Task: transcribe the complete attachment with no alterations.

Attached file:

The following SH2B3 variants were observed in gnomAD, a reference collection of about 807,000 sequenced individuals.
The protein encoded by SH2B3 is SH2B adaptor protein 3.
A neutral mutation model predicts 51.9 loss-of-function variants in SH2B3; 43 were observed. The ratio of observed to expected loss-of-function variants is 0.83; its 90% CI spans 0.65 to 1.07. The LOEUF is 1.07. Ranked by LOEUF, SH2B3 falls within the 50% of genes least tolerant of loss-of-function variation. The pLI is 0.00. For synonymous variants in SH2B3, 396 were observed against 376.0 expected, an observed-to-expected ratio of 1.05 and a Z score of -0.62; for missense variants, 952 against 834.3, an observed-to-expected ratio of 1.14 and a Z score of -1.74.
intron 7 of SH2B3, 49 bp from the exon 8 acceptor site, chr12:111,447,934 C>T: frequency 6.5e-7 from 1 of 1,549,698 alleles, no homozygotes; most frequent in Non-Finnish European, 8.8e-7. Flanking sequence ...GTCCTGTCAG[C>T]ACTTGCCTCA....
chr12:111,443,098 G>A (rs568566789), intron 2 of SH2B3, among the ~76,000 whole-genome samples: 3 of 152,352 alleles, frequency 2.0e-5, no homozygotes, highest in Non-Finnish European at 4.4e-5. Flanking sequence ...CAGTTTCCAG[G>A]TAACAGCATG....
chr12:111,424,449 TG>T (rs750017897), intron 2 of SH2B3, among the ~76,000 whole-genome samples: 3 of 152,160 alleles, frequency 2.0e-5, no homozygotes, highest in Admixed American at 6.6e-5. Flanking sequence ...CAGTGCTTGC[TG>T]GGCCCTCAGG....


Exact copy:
The following SH2B3 variants were observed in gnomAD, a reference collection of about 807,000 sequenced individuals.
The protein encoded by SH2B3 is SH2B adaptor protein 3.
A neutral mutation model predicts 51.9 loss-of-function variants in SH2B3; 43 were observed. The ratio of observed to expected loss-of-function variants is 0.83; its 90% CI spans 0.65 to 1.07. The LOEUF is 1.07. Ranked by LOEUF, SH2B3 falls within the 50% of genes least tolerant of loss-of-function variation. The pLI is 0.00. For synonymous variants in SH2B3, 396 were observed against 376.0 expected, an observed-to-expected ratio of 1.05 and a Z score of -0.62; for missense variants, 952 against 834.3, an observed-to-expected ratio of 1.14 and a Z score of -1.74.
intron 7 of SH2B3, 49 bp from the exon 8 acceptor site, chr12:111,447,934 C>T: frequency 6.5e-7 from 1 of 1,549,698 alleles, no homozygotes; most frequent in Non-Finnish European, 8.8e-7. Flanking sequence ...GTCCTGTCAG[C>T]ACTTGCCTCA....
chr12:111,443,098 G>A (rs568566789), intron 2 of SH2B3, among the ~76,000 whole-genome samples: 3 of 152,352 alleles, frequency 2.0e-5, no homozygotes, highest in Non-Finnish European at 4.4e-5. Flanking sequence ...CAGTTTCCAG[G>A]TAACAGCATG....
chr12:111,424,449 TG>T (rs750017897), intron 2 of SH2B3, among the ~76,000 whole-genome samples: 3 of 152,160 alleles, frequency 2.0e-5, no homozygotes, highest in Admixed American at 6.6e-5. Flanking sequence ...CAGTGCTTGC[TG>T]GGCCCTCAGG....